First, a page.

Bradford, who were last in the English top flight in 2001, said it was "highly likely" next season would at least begin with games played without fans due to the coronavirus pandemic.

The West Yorkshire club's decision followed their involvement in a conference call with the English Football League (EFL) on Thursday.

Bradford said in a statement: "'City For All' 2020-21 season-ticket sales have today been suspended.

"The decision has been taken as the club continues to await further information regarding a conclusion to the current campaign, with the start date for next season yet to be confirmed.

"This comes following a meeting yesterday held between the EFL and the Bantams' League Two colleagues.

"City officials have recently been informed of the ever-growing possibility of supporters being unable to attend matches until 2021.

"And it is now highly likely that next season will commence behind closed doors."

The 2019-20 season stalled in March with the arrival and spread in England of COVID-19, and reports have claimed the EFL campaign could be abandoned because of the amount of testing that would need to be conducted just to allow closed-doors games to be played.

It remains to be seen whether the Premier League and EFL have joined-up thinking on matters such as playing games without supporters next season.

Although the Premier League has huge broadcast deals, which it is eager to preserve, clubs lower down the pyramid are facing a harsh reality of losing vital matchday income, amid fears many could be forced out of business.

The EFL has pledged to have rigorous coronavirus testing in place before its leagues resume in England, and insisted the return of football must not negatively affect key workers.

Reports on Saturday suggested Premier League football may return within weeks with matches taking place behind closed doors.

The UK government is said to have begun looking at proposals for the resumption of live sport as part of a bid to boost morale during lockdown as a result of the coronavirus pandemic.

The EFL said its own position regarding the return of action in the Championship, League One and League Two remains unchanged and that football will only resume when it is safe to do so.

An EFL statement read: "The position of the EFL remains unchanged in that the priority is to resume the 2019-20 season as soon as it is possible with matches only returning at an appropriate point and based on guidance from the relevant authorities. The health and well-being of the nation has to come first.

"Clearly, before any return to football can take place, suitable testing arrangements for participants must be in place and this is core to our current planning, as is ensuring there is absolutely no negative impact on the country’s front-line workers, the emergency services, league and club staff members.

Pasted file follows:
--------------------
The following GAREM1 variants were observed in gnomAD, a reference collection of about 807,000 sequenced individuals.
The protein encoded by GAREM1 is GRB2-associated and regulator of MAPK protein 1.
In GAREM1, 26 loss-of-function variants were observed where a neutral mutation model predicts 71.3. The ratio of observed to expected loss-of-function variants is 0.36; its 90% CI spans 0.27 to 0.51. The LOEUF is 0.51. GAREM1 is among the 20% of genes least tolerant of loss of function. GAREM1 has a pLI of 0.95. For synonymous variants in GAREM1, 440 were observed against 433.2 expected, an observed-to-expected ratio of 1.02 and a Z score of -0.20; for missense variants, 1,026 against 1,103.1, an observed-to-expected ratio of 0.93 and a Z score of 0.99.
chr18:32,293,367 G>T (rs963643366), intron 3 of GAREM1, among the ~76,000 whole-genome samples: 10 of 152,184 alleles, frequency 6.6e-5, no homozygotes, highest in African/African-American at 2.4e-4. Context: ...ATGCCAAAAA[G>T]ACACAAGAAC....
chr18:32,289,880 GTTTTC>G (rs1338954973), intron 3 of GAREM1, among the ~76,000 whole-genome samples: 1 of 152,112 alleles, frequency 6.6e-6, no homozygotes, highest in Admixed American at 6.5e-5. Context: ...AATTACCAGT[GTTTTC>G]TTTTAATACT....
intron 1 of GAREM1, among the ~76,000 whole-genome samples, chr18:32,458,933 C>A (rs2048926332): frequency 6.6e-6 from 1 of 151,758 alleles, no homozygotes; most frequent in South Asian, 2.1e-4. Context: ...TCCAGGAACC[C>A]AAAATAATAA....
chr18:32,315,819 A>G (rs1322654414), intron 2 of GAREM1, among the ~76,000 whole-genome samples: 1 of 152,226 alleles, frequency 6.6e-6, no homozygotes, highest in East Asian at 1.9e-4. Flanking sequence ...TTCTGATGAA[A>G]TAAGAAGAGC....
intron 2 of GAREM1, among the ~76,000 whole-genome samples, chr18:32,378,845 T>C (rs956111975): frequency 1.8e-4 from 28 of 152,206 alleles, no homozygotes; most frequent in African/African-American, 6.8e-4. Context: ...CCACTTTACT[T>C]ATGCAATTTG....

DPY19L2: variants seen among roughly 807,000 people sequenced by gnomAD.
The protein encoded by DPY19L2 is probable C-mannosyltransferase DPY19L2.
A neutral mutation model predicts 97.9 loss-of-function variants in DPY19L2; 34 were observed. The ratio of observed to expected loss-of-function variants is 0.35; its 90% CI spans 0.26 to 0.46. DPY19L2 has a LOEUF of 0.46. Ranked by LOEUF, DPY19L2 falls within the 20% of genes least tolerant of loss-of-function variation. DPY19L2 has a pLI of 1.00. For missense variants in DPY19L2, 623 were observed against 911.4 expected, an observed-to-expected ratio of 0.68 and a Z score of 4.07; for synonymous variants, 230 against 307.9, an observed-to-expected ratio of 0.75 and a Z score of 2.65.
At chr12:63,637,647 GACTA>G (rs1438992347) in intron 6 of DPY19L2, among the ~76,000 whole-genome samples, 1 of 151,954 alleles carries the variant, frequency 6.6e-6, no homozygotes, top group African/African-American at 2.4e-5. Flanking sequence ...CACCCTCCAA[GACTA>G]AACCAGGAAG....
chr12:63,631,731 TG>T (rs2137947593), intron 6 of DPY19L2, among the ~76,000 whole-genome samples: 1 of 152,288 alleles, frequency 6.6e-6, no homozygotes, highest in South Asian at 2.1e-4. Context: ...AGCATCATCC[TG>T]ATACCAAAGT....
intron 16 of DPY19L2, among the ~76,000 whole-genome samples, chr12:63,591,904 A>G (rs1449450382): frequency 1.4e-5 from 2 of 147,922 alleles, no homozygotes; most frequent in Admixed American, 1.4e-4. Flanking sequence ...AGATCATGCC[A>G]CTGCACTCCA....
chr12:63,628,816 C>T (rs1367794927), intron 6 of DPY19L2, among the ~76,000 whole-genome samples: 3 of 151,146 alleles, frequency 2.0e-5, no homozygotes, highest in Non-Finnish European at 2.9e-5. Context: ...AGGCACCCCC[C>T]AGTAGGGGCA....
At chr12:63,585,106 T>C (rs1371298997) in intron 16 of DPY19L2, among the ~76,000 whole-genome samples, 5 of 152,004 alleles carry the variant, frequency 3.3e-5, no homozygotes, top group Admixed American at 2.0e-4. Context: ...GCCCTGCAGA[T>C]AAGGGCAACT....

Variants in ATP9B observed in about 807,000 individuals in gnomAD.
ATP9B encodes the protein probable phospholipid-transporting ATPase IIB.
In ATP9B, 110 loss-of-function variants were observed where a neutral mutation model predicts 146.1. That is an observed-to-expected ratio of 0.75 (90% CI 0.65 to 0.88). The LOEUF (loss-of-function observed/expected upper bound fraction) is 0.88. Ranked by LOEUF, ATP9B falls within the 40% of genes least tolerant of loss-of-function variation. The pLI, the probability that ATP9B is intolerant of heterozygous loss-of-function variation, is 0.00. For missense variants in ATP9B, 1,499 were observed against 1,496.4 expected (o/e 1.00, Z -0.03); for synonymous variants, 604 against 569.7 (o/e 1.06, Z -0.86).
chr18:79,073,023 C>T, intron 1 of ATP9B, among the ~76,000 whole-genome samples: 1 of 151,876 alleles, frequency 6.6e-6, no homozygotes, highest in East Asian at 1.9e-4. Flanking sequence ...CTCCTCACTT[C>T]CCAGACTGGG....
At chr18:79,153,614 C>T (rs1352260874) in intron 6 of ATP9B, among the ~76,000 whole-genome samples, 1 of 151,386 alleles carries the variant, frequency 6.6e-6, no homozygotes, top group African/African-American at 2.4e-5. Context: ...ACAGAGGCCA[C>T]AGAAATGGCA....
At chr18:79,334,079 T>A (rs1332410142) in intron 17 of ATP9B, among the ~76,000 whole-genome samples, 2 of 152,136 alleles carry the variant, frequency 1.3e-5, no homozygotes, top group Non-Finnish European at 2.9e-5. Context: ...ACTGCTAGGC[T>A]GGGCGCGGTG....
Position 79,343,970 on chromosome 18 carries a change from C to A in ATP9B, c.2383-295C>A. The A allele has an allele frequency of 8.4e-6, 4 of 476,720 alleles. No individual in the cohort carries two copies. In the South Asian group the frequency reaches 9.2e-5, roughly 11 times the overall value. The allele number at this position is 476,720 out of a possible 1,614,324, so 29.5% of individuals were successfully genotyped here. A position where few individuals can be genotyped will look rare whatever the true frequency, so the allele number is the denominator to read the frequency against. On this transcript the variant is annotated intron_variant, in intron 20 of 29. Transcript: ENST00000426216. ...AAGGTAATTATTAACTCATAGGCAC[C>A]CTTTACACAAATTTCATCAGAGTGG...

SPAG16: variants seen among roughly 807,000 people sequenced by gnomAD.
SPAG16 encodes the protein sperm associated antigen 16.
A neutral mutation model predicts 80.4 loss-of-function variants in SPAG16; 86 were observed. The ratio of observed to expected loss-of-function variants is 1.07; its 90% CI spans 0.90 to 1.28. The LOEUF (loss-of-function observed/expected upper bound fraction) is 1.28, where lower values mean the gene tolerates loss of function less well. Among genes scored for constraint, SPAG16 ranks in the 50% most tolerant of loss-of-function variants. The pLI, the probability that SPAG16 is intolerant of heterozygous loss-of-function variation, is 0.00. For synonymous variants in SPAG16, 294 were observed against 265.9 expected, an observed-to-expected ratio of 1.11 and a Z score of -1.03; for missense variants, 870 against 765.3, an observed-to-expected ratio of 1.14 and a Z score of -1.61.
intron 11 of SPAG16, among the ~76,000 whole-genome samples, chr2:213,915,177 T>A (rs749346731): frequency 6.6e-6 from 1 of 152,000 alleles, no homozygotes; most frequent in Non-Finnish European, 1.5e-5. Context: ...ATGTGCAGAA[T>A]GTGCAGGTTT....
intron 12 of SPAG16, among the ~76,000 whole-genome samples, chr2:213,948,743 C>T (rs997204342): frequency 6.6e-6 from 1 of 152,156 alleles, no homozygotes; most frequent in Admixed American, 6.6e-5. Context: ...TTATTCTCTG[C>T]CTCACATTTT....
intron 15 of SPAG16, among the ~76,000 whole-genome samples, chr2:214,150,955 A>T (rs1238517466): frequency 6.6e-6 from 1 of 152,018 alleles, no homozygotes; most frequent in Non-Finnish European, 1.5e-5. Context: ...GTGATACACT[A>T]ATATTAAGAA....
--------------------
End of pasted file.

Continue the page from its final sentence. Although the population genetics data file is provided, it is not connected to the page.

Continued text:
"The EFL's medical advisor is working with a select group of medical professionals and sports scientists to ensure their collective expertise is utilised to address these issues. This group will consider the latest medical information and evidence from both in the UK and abroad, particularly around the viability and accessibility of the various COVID-19 tests that are currently available."

The EFL has been suspended since March 13 and the body's chairman Rick Parry said last week matches will likely take place behind closed doors with the intention to finish the 2019-20 season when it is deemed safe to do so.

Saturday's EFL statement added football can only resume successfully with a "collaborative approach with all stakeholders, including the Premier League and Football Association".

The scheduling of fixtures, promotion, relegation and the opening and closing of transfer windows are among issues the EFL said remain under discussion.

Manager Graeme Jones has left Luton Town by mutual consent to help the Championship strugglers cut costs amid the coronavirus pandemic.

Luton were second-bottom in their first season back in the second tier of English football when the campaign was suspended due to the COVID-19 crisis in March.

Former Belgium number two Jones was only appointed by the Hatters last May, but his tenure was ended on Friday.

Luton revealed the club were "taking an early move to restructure in order to reduce its cost base and to create efficiencies within the football department."

Assistant manager Gary Brabin, first-team coach Inigo Idiakez and technical goalkeeping coach Imanol Etxeberria have also departed.

Chief recruitment officer Mick Harford will act as a "relationship manager between the board, staff and the playing squad on football matters" on an interim basis and Luton will not consider starting a recruitment process until it becomes clear when they will next be in action.